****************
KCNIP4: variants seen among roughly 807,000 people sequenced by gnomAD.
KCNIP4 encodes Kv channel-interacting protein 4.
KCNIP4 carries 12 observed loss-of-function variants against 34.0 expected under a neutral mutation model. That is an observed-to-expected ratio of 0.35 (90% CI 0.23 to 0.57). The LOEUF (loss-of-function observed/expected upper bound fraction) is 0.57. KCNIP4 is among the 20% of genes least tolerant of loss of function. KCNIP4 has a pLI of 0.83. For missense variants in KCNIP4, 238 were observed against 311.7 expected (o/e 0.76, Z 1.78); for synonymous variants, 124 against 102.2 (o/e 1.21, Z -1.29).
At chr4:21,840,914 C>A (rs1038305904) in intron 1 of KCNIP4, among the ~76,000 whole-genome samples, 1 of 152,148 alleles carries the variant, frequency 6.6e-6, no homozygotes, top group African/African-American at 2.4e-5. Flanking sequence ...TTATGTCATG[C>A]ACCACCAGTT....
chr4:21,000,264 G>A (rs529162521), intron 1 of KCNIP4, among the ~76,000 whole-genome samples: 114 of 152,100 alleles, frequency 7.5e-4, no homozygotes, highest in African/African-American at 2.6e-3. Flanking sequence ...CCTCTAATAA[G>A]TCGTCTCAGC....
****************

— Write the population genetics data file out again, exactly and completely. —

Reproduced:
KCNIP4: variants seen among roughly 807,000 people sequenced by gnomAD.
KCNIP4 encodes Kv channel-interacting protein 4.
KCNIP4 carries 12 observed loss-of-function variants against 34.0 expected under a neutral mutation model. That is an observed-to-expected ratio of 0.35 (90% CI 0.23 to 0.57). The LOEUF (loss-of-function observed/expected upper bound fraction) is 0.57. KCNIP4 is among the 20% of genes least tolerant of loss of function. KCNIP4 has a pLI of 0.83. For missense variants in KCNIP4, 238 were observed against 311.7 expected (o/e 0.76, Z 1.78); for synonymous variants, 124 against 102.2 (o/e 1.21, Z -1.29).
At chr4:21,840,914 C>A (rs1038305904) in intron 1 of KCNIP4, among the ~76,000 whole-genome samples, 1 of 152,148 alleles carries the variant, frequency 6.6e-6, no homozygotes, top group African/African-American at 2.4e-5. Flanking sequence ...TTATGTCATG[C>A]ACCACCAGTT....
chr4:21,000,264 G>A (rs529162521), intron 1 of KCNIP4, among the ~76,000 whole-genome samples: 114 of 152,100 alleles, frequency 7.5e-4, no homozygotes, highest in African/African-American at 2.6e-3. Flanking sequence ...CCTCTAATAA[G>A]TCGTCTCAGC....